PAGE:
Jessica Biel has denied allegations that she is anti-vaccination, saying instead she is an advocate for personal parental choice. The actress became the center of controversy after she joined Robert F. Kennedy, Jr. in Sacramento to lobby California lawmakers against enacting SB 276, a state bill that would make it harder for parents to obtain exemptions if they didn't want to vaccinate their children.
"Please say thank you to the courageous @jessicabiel for a busy and productive day at the California State House," Kennedy wrote in an Instagram post sharing a picture with Biel, which unleashed a tide of social media commentary that her courageousness might refer to having a controversial position about vaccinations.
According to a California legislative staff member who spoke with Jezebel,Biel doesn't have her son on a doctor-recommended vaccination schedule and believes the child of a family friend suffered a health condition after being vaccinated.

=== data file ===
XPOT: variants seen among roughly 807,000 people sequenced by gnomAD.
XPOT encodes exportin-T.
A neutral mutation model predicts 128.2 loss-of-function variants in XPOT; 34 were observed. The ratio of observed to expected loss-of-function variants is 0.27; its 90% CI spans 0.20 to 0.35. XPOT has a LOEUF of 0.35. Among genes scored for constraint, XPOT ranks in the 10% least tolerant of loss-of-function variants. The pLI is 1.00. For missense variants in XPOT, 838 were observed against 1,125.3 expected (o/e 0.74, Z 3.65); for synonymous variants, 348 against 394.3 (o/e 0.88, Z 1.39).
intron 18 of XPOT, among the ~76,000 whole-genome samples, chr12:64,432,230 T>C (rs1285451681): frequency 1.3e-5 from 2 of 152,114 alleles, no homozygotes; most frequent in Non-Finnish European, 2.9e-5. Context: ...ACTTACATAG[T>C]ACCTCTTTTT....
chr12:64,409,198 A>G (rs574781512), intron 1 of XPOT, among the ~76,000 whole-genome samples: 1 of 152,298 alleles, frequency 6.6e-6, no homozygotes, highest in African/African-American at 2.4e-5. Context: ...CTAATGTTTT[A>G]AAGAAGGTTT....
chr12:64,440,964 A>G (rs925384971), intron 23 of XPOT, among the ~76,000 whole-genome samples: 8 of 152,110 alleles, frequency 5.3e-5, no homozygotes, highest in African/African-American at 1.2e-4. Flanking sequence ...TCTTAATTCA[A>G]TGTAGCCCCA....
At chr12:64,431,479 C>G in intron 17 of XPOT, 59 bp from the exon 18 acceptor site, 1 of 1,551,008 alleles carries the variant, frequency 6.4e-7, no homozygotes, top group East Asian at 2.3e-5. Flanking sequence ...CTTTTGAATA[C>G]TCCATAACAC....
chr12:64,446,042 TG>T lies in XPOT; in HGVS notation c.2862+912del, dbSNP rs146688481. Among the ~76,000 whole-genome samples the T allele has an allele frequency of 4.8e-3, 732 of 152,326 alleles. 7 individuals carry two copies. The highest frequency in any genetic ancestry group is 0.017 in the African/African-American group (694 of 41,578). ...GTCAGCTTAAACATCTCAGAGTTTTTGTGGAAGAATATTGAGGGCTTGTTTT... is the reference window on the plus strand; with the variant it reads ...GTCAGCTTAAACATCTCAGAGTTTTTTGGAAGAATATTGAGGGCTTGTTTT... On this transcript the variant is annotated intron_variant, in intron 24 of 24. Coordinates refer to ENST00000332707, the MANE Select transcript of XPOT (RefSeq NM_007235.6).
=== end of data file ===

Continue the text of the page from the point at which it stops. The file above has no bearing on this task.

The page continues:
“Jessica said that her doctor recommended the regular vaccine schedule for her kid and she refused,” the staffer wrote in a letter to Jezebel. “She practically admitted to doctor shopping, which SB 276 is trying to prevent. She said she wants safe vaccines and mentioned ‘corporations’ a lot.”
“The biggest problem with the bill, which is something I think Jessica is concerned with, is that a doctor who has made a determination—if he has found children in this state whose doctors have determined that they’re too fragile to receive vaccinations—this bill would overrule the doctors and force them to be vaccinated anyways," Kennedy told the Daily Beast.
Biel then attempted to explain her position on vaccinations via an Instagram post.
"I support children getting vaccinations and I also support families having the right to make educated medical decisions for their children alongside their physicians," she wrote. "My concern with #SB276 is solely regarding medical exemptions. My dearest friends have a child with a medical condition that warrants an exemption from vaccinations, and should this bill pass, it would greatly affect their family’s ability to care for their child in this state. That’s why I spoke to legislators and argued against this bill. Not because I don’t believe in vaccinations, but because I believe in giving doctors and the families they treat the ability to decide what’s best for their patients and the ability to provide that treatment."
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